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The Psychological Unity of Humankind

28 Eliezer_Yudkowsky 24 June 2008 07:12AM

Followup toEvolutions Are Stupid (But Work Anyway), Evolutionary Psychology

Biological organisms in general, and human brains particularly, contain complex adaptations; adaptations which involve many genes working in concert. Complex adaptations must evolve incrementally, gene by gene.  If gene B depends on gene A to produce its effect, then gene A has to become nearly universal in the gene pool before there's a substantial selection pressure in favor of gene B.

A fur coat isn't an evolutionary advantage unless the environment reliably throws cold weather at you.  And other genes are also part of the environment; they are the genetic environment.  If gene B depends on gene A, then gene B isn't a significant advantage unless gene A is reliably part of the genetic environment.

Let's say that you have a complex adaptation with six interdependent parts, and that each of the six genes is independently at ten percent frequency in the population.  The chance of assembling a whole working adaptation is literally a million to one; and the average fitness of the genes is tiny, and they will not increase in frequency.

In a sexually reproducing species, complex adaptations are necessarily universal.

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No Evolutions for Corporations or Nanodevices

28 Eliezer_Yudkowsky 17 November 2007 02:24AM

        "The laws of physics and the rules of math don't cease to apply. That leads me to believe that evolution doesn't stop. That further leads me to believe that nature —bloody in tooth and claw, as some have termed it —will simply be taken to the next level...
        "[Getting rid of Darwinian evolution is] like trying to get rid of gravitation.  So long as there are limited resources and multiple competing actors capable of passing on characteristics, you have selection pressure."
       —Perry Metzger, predicting that the reign of natural selection would continue into the indefinite future.

In evolutionary biology, as in many other fields, it is important to think quantitatively rather than qualitatively.  Does a beneficial mutation "sometimes spread, but not always"?  Well, a psychic power would be a beneficial mutation, so you'd expect it to spread, right?  Yet this is qualitative reasoning, not quantitative—if X is true, then Y is true; if psychic powers are beneficial, they may spread.  In Evolutions Are Stupid, I described the equations for a beneficial mutation's probability of fixation, roughly twice the fitness advantage (6% for a 3% advantage).  Only this kind of numerical thinking is likely to make us realize that mutations which are only rarely useful are extremely unlikely to spread, and that it is practically impossible for complex adaptations to arise without constant use.  If psychic powers really existed, we should expect to see everyone using them all the time—not just because they would be so amazingly useful, but because otherwise they couldn't have evolved in the first place.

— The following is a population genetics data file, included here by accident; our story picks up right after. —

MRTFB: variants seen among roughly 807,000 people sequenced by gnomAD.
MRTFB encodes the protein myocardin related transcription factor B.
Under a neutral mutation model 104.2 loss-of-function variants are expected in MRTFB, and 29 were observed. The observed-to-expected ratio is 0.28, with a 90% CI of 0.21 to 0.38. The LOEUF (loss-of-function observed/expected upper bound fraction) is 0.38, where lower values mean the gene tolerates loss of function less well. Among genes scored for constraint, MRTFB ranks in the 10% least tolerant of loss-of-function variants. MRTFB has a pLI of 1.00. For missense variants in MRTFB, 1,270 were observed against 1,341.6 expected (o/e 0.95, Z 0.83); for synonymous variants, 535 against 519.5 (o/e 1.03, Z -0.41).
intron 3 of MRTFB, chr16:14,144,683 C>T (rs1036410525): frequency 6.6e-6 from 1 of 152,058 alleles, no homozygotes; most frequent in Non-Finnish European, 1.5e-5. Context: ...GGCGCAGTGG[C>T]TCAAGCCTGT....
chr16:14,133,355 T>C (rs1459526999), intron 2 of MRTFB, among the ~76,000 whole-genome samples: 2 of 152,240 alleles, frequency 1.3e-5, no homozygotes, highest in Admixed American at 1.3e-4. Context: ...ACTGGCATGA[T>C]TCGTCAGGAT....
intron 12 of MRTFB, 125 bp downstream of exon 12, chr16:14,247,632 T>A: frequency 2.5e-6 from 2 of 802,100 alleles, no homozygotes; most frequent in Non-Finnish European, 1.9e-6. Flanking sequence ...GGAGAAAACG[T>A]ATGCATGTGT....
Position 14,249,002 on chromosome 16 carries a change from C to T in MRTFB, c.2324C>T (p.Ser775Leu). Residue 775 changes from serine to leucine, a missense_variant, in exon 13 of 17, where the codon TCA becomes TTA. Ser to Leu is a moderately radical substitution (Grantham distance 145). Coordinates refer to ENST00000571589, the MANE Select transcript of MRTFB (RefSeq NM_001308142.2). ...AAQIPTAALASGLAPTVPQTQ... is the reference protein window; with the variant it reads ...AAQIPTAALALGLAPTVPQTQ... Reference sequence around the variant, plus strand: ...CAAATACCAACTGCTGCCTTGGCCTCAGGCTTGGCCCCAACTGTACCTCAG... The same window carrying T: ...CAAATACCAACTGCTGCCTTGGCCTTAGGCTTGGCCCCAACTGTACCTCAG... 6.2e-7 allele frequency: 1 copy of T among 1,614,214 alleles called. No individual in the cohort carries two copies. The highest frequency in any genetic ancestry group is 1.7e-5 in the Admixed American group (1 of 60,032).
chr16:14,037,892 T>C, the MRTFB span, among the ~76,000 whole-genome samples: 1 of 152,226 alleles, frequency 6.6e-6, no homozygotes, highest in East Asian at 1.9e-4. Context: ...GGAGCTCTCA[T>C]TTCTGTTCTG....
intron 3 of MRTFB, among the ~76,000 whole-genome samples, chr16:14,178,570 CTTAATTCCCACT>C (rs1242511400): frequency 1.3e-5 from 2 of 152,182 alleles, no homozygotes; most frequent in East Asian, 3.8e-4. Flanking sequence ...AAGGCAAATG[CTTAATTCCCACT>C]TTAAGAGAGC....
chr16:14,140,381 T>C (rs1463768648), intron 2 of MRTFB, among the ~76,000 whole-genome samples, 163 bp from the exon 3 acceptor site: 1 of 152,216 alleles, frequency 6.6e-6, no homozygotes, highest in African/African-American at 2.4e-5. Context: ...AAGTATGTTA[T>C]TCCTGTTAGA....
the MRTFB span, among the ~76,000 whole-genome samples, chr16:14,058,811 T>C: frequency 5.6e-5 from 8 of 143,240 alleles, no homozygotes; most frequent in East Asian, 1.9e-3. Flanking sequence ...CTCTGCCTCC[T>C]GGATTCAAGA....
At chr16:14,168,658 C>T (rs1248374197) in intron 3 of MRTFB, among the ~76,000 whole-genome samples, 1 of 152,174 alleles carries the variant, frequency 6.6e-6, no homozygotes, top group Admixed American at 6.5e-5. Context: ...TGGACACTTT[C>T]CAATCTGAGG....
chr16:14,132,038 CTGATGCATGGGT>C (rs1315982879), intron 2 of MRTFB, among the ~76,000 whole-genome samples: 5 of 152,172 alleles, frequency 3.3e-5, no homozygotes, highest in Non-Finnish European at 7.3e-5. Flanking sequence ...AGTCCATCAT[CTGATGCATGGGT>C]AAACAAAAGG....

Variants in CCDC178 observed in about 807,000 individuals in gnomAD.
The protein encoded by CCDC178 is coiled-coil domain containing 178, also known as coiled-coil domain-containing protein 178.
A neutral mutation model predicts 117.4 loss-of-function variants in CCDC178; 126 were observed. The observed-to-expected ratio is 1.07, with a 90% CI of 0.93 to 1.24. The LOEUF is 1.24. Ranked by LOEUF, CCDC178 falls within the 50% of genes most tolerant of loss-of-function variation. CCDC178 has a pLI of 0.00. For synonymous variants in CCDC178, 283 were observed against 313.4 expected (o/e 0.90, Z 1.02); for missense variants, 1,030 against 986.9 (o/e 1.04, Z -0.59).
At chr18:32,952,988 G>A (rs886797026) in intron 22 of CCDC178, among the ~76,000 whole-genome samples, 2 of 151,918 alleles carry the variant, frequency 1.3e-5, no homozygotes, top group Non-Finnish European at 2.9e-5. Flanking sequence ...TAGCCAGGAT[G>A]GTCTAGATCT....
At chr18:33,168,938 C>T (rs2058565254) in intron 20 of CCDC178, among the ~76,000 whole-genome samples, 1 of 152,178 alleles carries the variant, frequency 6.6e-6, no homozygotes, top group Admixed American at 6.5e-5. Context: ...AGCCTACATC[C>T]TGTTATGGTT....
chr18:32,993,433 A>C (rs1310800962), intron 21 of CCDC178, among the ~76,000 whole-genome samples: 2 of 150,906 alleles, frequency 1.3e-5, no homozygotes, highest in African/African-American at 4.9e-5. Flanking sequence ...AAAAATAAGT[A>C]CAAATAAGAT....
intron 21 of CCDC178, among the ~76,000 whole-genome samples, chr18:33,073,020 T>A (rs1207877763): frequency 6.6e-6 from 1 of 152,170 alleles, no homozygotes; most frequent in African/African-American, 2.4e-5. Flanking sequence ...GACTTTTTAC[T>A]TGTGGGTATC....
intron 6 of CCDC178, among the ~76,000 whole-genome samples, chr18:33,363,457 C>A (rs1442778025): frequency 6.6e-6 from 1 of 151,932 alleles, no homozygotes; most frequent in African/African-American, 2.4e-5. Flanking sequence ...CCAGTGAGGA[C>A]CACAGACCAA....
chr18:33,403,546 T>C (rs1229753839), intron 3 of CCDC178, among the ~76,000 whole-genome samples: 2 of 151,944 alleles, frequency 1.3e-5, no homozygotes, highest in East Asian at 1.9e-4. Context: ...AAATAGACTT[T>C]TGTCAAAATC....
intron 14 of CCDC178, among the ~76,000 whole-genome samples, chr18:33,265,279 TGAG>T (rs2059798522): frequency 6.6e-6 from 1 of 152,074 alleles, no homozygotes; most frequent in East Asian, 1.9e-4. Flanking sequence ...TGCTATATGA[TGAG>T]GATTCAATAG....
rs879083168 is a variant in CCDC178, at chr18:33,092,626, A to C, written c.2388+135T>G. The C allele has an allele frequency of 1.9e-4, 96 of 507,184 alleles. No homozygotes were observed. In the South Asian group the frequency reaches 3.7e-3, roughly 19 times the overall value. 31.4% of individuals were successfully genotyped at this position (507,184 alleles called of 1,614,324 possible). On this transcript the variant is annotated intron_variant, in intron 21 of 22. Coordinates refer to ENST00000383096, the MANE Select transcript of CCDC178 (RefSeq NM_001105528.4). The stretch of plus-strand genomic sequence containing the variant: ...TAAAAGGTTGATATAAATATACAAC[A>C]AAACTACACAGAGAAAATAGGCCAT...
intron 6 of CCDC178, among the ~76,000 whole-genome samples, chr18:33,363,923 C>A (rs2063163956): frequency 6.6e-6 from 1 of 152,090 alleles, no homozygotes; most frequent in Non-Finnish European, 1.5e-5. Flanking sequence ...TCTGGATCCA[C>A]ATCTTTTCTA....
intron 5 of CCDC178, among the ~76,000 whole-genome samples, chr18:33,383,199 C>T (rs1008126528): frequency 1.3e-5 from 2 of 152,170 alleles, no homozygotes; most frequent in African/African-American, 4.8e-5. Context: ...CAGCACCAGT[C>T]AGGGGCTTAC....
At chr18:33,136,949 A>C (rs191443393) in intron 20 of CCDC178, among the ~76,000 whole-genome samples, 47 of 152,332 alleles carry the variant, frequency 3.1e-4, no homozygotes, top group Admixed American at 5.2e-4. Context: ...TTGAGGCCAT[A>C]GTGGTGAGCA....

"So long as there are limited resources and multiple competing actors capable of passing on characteristics, you have selection pressure."  This is qualitative reasoning.  How much selection pressure?

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Evolving to Extinction

47 Eliezer_Yudkowsky 16 November 2007 07:18AM

Followup toEvolutions Are Stupid

It is a very common misconception that an evolution works for the good of its species.  Can you remember hearing someone talk about two rabbits breeding eight rabbits and thereby "contributing to the survival of their species"?  A modern evolutionary biologist would never say such a thing; they'd sooner breed with a rabbit.

It's yet another case where you've got to simultaneously consider multiple abstract concepts and keep them distinct.  Evolution doesn't operate on particular individuals; individuals keep whatever genes they're born with.  Evolution operates on a reproducing population, a species, over time.  There's a natural tendency to think that if an Evolution Fairy is operating on the species, she must be optimizing for the species.  But what really changes are the gene frequencies, and frequencies don't increase or decrease according to how much the gene helps the species as a whole.  As we shall later see, it's quite possible for a species to evolve to extinction.

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Adaptation-Executers, not Fitness-Maximizers

43 Eliezer_Yudkowsky 11 November 2007 06:39AM

"Individual organisms are best thought of as adaptation-executers rather than as fitness-maximizers."
        —John Tooby and Leda Cosmides, The Psychological Foundations of Culture.

Fifty thousand years ago, the taste buds of Homo sapiens directed their bearers to the scarcest, most critical food resources—sugar and fat.  Calories, in a word.  Today, the context of a taste bud's function has changed, but the taste buds themselves have not.  Calories, far from being scarce (in First World countries), are actively harmful.  Micronutrients that were reliably abundant in leaves and nuts are absent from bread, but our taste buds don't complain.  A scoop of ice cream is a superstimulus, containing more sugar, fat, and salt than anything in the ancestral environment.

No human being with the deliberate goal of maximizing their alleles' inclusive genetic fitness, would ever eat a cookie unless they were starving.  But individual organisms are best thought of as adaptation-executers, not fitness-maximizers.

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Fake Optimization Criteria

30 Eliezer_Yudkowsky 10 November 2007 12:10AM

Followup to:  Fake Justification, The Tragedy of Group Selectionism